1868 - Birthday of Patty Smith Hill (d. 1946), schoolteacher, author and education specialist, born at Anchorage (suburb of Louisville), KY. She was author of the lyrics of the song "Good Morning to All," which later became known as "Happy Birthday to You." Her older sister, Mildred J. Hill, composed the melody for the song which was first published in 1893 as a classroom greeting in the book “Song Stories for the Sunday School.”  A stanza beginning "Happy Birthday to You" was added in 1924, and the song became arguably the most frequently sung song in the world.
    1879 - Birthday of Edward Steichen (d. 1973), celebrated American photographer, in Luxembourg.  His photos of gowns for the magazine “Art et Décoration” in 1911 are regarded as the first modern fashion photography ever published. From 1923 to 1938, Steichen was a photographer for the Conde Nast magazines ‘Vogue’ and ‘Vanity Fair’ while also working for many advertising agencies including J. Walter Thompson. During these years, Steichen was regarded as the best known and highest paid photographer in the world. In 1944, he directed the war documentary “The Fighting Lady,” which won the 1945 Academy Award for Best Documentary.
    1879 – Miller Huggins (d. 1929) was born in Cincinnati.  A second baseman adept at getting on base, Huggins led the National League in walks four times, scored 100 or more runs three times, regularly collected 30 or more stolen bases and had an on-base percentage near .400. But he became much more famous as a manager. He managed two Major League teams - first the St. louis Cardinals where he managed the young Rogers Hornsby and then the New York Yankees of Ruth and Gehrig. He led the Yankees to six AL pennants and three World series titles, and his "Murderers Row" club, which won 110 games before sweeping the 1927 Series, is considered one of the greatest teams in history. Huggins was selected to the Hall of Fame in 1964.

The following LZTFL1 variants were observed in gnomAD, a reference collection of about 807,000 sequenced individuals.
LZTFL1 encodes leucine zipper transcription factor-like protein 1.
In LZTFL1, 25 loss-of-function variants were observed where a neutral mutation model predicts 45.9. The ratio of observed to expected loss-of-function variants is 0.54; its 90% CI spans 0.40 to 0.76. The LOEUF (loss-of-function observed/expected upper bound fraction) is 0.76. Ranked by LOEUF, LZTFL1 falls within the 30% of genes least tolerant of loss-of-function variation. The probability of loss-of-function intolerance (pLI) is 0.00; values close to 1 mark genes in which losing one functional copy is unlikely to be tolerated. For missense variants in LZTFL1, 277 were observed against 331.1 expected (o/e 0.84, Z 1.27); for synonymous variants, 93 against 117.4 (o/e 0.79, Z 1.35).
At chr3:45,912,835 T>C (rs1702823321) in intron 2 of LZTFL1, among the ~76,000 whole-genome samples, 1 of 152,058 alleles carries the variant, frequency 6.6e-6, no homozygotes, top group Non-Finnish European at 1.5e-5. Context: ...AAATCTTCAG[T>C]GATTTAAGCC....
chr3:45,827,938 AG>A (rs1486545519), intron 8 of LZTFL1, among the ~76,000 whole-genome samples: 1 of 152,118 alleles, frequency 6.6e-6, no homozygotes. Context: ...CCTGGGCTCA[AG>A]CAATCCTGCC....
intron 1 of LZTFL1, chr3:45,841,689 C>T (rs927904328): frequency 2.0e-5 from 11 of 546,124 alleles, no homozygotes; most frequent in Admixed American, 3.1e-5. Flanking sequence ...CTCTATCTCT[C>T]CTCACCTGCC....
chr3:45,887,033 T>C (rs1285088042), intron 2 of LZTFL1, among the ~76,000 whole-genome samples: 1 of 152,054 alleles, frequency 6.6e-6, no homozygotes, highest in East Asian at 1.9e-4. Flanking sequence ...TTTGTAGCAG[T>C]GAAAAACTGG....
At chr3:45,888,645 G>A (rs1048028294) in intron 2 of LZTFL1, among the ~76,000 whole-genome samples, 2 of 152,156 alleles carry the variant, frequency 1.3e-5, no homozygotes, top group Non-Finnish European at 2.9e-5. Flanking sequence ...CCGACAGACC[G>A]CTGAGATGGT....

1884 - The first long-distance telephone call was made by branch managers of the American Bell Telephone Company in Boston, MA, and New York City. Said a contemporary account: The words were heard as perfectly as though the speakers were standing close by, while no extra effort was needed at the other end of the line to accomplish the result.”    
    1884 - A Cincinnati mob attacked members of a jury who had returned a verdict of manslaughter in a clear case of murder.  Over the next few days they rioted and destroyed the courthouse.
    1886 – Geronimo surrendered to Lt Charles Gatewood and General Nelson Miles of the US Army in the Sierra Madre in Mexico, ending the Apache wars.
    1890 - An outbreak of tornadoes occurred in the Ohio Valley. One of the tornadoes struck Louisville, KY, killing 78 persons and causing $4 million damage.
    1890 - The application of an all-black baseball club made up of former Cuban Giants players was rejected by the Inter-State League.
    1899 – Actress Gloria Swanson (d. 1983) was born in Chicago.  She was one of the most prominent stars during the silent film era as both an actress and a fashion icon, especially under the direction of Cecil B. DeMille. She starred in dozens of silent films and was nominated for the first Academy Award in the Best Actress category.  She also, after a time, successfully transitioned to ‘talkies’ evidenced by her second Academy Award nomination, for “Sunset Boulevard” (1950). 
    1906 - Clarinet player Charles Ellsworth “Pee Wee” Russell (d. 1969) birthday in Maplewood, MO.
    1909 - Tenor saxophone player Ben Webster (d. 1973) born Kansas City, MO